of heavy-duty, high-capacity trucks and other mining equipment
continue to lag as miners squeeze more production out of
existing assets and are slow to invest in replacementsand
its hard to say how long the trend will persist,
Caterpillar Inc. executives said during a Jan. 27 earnings
Last year was "a tough
year," vice president of strategic services Mike DeWalt told
analysts during the call. Sales declined sharply in
Caterpillars resource industries division, which is
principally mining. "That substantial decline was the result of
both lower demand from mining customers and from changes in
dealer inventory," he said.
The depressed demand
trend has resulted in temporary plant shutdowns, rolling
layoffs and the closure, downsizing and consolidation of
several manufacturing facilities, DeWalt said. "Despite
prospects for an improved economic climate and continued strong
production at mines, we are expecting a sales decline in our
resource industry segment of about 10 percent in 2014."
improved in 2013 and likely will be up again this year, DeWalt
said. "The bad news is that orders for new equipment remain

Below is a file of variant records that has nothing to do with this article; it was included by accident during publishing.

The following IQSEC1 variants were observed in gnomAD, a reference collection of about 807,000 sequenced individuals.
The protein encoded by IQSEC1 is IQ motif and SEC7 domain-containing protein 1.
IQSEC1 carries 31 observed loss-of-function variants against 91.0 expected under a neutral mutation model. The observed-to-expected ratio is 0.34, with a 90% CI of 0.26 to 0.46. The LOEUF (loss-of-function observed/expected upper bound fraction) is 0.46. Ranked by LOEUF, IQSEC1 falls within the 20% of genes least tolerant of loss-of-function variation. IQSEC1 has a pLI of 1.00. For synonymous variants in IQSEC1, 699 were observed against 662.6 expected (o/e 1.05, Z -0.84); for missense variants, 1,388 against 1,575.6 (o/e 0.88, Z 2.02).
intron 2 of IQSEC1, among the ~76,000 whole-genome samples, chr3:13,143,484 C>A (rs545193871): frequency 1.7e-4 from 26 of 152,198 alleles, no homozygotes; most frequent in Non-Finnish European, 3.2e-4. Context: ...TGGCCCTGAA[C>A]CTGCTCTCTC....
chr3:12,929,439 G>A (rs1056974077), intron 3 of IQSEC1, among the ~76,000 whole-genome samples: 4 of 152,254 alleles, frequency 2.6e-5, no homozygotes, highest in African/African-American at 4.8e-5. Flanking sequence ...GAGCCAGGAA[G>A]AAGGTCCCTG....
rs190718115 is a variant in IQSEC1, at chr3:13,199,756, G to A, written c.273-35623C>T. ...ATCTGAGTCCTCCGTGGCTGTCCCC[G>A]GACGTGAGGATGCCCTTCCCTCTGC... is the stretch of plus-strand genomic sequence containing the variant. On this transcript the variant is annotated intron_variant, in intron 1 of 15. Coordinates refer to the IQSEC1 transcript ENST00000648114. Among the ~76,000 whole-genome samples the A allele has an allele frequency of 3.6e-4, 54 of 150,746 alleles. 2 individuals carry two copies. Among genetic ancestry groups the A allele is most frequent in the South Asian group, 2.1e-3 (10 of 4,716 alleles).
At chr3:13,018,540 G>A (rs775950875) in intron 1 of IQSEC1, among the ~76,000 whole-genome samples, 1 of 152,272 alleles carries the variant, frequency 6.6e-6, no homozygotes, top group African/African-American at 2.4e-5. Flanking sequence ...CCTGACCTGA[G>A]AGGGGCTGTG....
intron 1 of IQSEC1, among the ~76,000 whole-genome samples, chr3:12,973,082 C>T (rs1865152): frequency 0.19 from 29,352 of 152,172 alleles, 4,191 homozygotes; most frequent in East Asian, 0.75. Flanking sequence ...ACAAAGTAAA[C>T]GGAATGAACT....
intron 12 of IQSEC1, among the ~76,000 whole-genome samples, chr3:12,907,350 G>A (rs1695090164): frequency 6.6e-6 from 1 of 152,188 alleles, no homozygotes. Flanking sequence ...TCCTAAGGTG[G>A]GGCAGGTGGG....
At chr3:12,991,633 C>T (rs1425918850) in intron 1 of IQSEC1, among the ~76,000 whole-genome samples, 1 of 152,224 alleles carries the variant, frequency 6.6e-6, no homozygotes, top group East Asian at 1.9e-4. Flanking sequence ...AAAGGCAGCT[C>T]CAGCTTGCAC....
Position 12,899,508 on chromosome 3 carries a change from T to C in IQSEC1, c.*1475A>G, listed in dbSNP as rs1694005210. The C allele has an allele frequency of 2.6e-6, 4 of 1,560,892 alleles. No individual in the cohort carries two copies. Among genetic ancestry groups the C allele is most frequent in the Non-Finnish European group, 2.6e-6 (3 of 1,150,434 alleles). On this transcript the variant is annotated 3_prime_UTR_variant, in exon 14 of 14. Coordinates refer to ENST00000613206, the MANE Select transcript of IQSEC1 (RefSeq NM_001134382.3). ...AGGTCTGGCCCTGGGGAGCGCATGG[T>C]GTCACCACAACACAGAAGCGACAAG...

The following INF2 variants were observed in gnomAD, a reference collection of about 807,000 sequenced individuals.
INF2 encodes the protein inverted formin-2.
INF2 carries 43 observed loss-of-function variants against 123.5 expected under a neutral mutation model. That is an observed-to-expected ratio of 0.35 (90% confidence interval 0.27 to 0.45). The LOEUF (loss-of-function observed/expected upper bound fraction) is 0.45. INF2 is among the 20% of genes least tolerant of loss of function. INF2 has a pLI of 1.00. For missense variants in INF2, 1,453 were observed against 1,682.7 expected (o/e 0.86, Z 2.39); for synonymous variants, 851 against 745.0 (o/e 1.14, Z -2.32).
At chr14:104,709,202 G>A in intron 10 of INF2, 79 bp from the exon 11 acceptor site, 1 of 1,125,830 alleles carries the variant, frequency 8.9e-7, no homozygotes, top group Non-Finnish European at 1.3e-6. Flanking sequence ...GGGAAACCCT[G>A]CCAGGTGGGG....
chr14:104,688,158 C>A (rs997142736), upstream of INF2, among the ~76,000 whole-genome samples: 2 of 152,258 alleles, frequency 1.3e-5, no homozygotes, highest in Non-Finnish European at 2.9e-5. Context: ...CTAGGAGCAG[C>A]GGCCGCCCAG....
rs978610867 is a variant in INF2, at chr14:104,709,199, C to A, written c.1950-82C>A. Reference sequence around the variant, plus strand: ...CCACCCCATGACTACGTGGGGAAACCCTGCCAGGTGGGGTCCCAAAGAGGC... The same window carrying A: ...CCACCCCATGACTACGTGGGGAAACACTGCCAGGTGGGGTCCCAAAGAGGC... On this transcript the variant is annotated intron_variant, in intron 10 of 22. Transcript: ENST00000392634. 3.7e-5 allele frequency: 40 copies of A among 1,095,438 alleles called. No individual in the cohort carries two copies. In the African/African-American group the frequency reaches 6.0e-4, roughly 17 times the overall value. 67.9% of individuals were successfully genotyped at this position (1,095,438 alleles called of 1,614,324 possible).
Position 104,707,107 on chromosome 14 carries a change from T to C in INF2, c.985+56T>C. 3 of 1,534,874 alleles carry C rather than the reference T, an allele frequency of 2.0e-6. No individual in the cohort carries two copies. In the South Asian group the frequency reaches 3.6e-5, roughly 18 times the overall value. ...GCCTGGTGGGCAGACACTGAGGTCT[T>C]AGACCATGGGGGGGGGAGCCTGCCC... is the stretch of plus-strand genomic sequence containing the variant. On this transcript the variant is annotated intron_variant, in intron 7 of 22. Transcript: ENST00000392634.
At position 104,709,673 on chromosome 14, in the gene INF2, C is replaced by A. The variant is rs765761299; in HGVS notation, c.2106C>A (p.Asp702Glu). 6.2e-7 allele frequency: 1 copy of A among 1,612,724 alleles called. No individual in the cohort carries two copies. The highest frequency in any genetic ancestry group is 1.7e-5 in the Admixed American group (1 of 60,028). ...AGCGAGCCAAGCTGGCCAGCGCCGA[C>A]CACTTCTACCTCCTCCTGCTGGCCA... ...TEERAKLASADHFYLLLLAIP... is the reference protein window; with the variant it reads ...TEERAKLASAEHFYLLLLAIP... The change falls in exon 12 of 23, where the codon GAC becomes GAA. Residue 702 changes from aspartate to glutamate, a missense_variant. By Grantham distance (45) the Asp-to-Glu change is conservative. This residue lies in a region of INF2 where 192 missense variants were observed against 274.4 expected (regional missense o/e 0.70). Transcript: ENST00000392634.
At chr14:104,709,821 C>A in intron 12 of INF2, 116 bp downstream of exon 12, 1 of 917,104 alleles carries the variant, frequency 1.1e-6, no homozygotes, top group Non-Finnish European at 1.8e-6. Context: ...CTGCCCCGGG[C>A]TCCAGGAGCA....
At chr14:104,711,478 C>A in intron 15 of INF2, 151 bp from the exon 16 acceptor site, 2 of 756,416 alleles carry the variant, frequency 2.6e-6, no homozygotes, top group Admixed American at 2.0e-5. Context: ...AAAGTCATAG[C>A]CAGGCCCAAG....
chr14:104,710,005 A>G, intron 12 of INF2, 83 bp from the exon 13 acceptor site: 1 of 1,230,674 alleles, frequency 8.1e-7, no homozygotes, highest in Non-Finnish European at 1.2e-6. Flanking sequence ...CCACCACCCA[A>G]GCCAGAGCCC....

pretty low. But that cannot go on indefinitely." Based on the
size and age of existing fleets, "miners are buying new
equipment at a rate thats well below the average
replacement level theyll need going forward."
The capital spending
strategy among miners "is not illogical," Caterpillar chairman
and chief executive officer Douglas Oberhelman said during the
conference call. "They are pulling ore out of the ground at
faster and faster rates. They are just pulling their horns in
with (capital expenditures). But they have cautioned us (to) be
ready at some point in the future. None of them can predict
when that is."
Group president and
chief operating officer Bradley Halverson said Caterpillar is
bullish on mining in the longer term and "we see that as a
great business for us."